The electricity grid and gas transport pipelines are strongly interconnected across Europe. Energy reliability is a pan-EU issue across countries; a single failure in one energy system can have a potential cascading effect across regions, as shown in a major European blackout in 2006, caused by a planned disconnection of a transmission line and inadequate security analyses by system operators . Additionally, Non-EU countries such as Norway and Switzerland are connected to the European electricity network and they follow similar technical guidelines will interconnected with Europe.
Cyber-attacks on the electricity networks do not respect geographical borders and an EU or nation-wide attack can have an EU-wide impact, through the interconnected panEU transmission backbone. The focus of cyber security in the electricity supply sector is to support the reliability and resilience even in the event of a cyber-attack. Unlike IT systems, a control system that is under attack cannot be easily disconnected from the electricity network as this could potentially result in safety issues, brownouts or even blackouts.
EU harmonization in internal energy market: In order to harmonize and liberalize the EU’s internal energy market, measures have been adopted since 1996 to address market access, transparency and regulation, consumer protection, supporting interconnection, and adequate levels of supply. In the electricity market, the basic means of rules harmonization are the Network Codes. These are sets of rules drafted by ENTSO-E (European Network of Transmission System Operators of Electricity), with guidance from the Agency for the Cooperation of Energy Regulators (ACER), to facilitate the harmonization, integration and efficiency of the European electricity market. Each Network Code is an integral part of the drive towards completion of the internal energy market and achieving the European Union’s energy objectives.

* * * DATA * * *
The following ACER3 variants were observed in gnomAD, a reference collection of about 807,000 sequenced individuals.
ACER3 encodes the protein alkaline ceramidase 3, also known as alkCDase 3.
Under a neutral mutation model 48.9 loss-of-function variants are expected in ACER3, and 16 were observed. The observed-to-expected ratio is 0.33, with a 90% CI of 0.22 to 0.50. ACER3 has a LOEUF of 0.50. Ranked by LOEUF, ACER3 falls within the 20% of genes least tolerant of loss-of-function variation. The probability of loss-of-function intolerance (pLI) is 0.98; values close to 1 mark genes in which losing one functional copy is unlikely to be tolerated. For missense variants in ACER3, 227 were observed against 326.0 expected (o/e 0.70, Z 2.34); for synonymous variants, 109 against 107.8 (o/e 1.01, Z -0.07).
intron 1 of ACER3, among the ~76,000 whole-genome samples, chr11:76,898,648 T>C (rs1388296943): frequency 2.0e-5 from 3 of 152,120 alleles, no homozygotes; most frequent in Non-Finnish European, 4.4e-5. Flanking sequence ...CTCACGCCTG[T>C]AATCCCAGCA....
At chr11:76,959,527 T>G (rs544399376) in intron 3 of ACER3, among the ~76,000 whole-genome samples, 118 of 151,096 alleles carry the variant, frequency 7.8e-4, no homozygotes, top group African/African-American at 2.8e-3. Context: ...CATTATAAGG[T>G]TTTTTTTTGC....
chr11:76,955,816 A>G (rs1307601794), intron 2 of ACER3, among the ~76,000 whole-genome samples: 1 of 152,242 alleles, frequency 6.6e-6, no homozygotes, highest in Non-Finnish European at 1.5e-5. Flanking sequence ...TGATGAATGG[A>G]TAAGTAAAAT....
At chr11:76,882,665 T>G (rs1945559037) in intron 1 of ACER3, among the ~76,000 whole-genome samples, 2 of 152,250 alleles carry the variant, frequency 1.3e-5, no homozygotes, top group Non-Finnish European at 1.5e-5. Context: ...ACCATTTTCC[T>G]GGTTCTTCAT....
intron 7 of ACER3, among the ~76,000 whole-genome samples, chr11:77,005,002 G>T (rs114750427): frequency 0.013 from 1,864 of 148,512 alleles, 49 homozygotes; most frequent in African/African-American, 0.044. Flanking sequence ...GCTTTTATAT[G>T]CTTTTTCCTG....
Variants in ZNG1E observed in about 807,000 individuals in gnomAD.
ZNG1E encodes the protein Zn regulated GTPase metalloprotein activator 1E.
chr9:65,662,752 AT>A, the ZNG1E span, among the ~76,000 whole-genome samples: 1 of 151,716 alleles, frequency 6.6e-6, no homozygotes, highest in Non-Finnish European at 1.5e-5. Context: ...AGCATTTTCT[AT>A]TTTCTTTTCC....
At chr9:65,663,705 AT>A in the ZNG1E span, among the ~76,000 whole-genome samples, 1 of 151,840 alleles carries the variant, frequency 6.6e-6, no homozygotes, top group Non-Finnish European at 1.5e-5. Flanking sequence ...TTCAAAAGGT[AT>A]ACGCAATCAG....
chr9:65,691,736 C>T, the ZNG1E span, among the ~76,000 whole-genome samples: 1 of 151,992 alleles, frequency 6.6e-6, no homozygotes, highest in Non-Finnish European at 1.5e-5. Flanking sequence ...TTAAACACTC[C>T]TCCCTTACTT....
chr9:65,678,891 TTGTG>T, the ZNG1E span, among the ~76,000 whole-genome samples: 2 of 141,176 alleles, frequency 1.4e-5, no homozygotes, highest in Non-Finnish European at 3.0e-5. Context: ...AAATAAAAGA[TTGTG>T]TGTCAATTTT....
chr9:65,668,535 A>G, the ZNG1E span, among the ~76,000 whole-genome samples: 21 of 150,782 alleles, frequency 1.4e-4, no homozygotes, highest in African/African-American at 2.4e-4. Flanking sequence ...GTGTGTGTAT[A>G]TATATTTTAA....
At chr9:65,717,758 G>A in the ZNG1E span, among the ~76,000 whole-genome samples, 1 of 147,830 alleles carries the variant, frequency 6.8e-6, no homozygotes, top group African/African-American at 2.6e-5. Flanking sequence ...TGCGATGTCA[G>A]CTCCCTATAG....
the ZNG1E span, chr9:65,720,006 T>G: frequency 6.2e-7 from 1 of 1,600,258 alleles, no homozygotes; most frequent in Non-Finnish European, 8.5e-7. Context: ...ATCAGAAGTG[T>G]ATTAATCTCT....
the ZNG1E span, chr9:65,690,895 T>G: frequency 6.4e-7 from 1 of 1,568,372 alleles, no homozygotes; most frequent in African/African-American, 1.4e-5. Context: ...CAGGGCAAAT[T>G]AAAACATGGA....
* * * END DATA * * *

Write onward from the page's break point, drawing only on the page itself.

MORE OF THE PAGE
Development of harmonized electricity rules- Network Code for Cybersecurity: According to the Regulation (EU) 2019/943 of the European Parliament and of the Council of 5 June 2019 on the internal market for electricity, the Commission has identified Cybersecurity as a key area for rules harmonization. To address potential cyber threats and to be fit for the digital age, Article 59(2)(e) of the Electricity Regulation provides for the establishment of a network code on sector-specific rules for cyber security aspects of cross-border electricity flows, including rules on common minimum requirements, planning, monitoring, reporting and crisis management. Through a open consultation process the European Commission has welcomed the feedback of stakeholders on the need and adequate scope of new electricity network codes on cybersecurity . Stakeholders have already publicized their opinion to the public